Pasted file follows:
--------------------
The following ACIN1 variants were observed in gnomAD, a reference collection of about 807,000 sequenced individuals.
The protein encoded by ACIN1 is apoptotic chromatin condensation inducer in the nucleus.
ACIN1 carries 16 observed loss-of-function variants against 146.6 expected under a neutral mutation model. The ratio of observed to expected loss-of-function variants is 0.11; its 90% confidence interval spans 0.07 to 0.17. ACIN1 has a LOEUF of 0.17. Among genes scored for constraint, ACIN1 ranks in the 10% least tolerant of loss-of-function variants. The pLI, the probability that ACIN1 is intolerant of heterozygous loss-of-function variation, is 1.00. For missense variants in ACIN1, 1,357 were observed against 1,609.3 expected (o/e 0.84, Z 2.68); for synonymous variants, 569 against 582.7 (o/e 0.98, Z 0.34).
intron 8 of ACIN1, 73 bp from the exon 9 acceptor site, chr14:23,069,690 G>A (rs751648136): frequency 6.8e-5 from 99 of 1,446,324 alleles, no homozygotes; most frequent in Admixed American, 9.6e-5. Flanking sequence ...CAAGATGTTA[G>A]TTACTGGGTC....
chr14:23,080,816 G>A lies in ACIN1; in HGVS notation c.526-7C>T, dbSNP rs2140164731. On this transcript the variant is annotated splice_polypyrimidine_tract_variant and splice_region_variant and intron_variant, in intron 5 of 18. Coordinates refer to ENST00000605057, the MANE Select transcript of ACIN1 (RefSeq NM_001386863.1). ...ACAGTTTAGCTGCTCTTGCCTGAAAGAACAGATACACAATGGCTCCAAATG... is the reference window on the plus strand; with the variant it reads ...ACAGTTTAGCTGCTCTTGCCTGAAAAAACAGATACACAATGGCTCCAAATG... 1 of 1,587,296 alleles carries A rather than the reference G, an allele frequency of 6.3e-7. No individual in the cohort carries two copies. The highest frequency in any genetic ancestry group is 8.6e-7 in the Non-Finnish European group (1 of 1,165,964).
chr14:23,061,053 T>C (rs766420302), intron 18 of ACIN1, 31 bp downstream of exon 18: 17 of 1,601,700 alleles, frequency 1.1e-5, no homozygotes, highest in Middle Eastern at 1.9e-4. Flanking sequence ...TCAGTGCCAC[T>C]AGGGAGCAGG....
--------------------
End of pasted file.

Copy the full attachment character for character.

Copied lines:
The following ACIN1 variants were observed in gnomAD, a reference collection of about 807,000 sequenced individuals.
The protein encoded by ACIN1 is apoptotic chromatin condensation inducer in the nucleus.
ACIN1 carries 16 observed loss-of-function variants against 146.6 expected under a neutral mutation model. The ratio of observed to expected loss-of-function variants is 0.11; its 90% confidence interval spans 0.07 to 0.17. ACIN1 has a LOEUF of 0.17. Among genes scored for constraint, ACIN1 ranks in the 10% least tolerant of loss-of-function variants. The pLI, the probability that ACIN1 is intolerant of heterozygous loss-of-function variation, is 1.00. For missense variants in ACIN1, 1,357 were observed against 1,609.3 expected (o/e 0.84, Z 2.68); for synonymous variants, 569 against 582.7 (o/e 0.98, Z 0.34).
intron 8 of ACIN1, 73 bp from the exon 9 acceptor site, chr14:23,069,690 G>A (rs751648136): frequency 6.8e-5 from 99 of 1,446,324 alleles, no homozygotes; most frequent in Admixed American, 9.6e-5. Flanking sequence ...CAAGATGTTA[G>A]TTACTGGGTC....
chr14:23,080,816 G>A lies in ACIN1; in HGVS notation c.526-7C>T, dbSNP rs2140164731. On this transcript the variant is annotated splice_polypyrimidine_tract_variant and splice_region_variant and intron_variant, in intron 5 of 18. Coordinates refer to ENST00000605057, the MANE Select transcript of ACIN1 (RefSeq NM_001386863.1). ...ACAGTTTAGCTGCTCTTGCCTGAAAGAACAGATACACAATGGCTCCAAATG... is the reference window on the plus strand; with the variant it reads ...ACAGTTTAGCTGCTCTTGCCTGAAAAAACAGATACACAATGGCTCCAAATG... 1 of 1,587,296 alleles carries A rather than the reference G, an allele frequency of 6.3e-7. No individual in the cohort carries two copies. The highest frequency in any genetic ancestry group is 8.6e-7 in the Non-Finnish European group (1 of 1,165,964).
chr14:23,061,053 T>C (rs766420302), intron 18 of ACIN1, 31 bp downstream of exon 18: 17 of 1,601,700 alleles, frequency 1.1e-5, no homozygotes, highest in Middle Eastern at 1.9e-4. Flanking sequence ...TCAGTGCCAC[T>C]AGGGAGCAGG....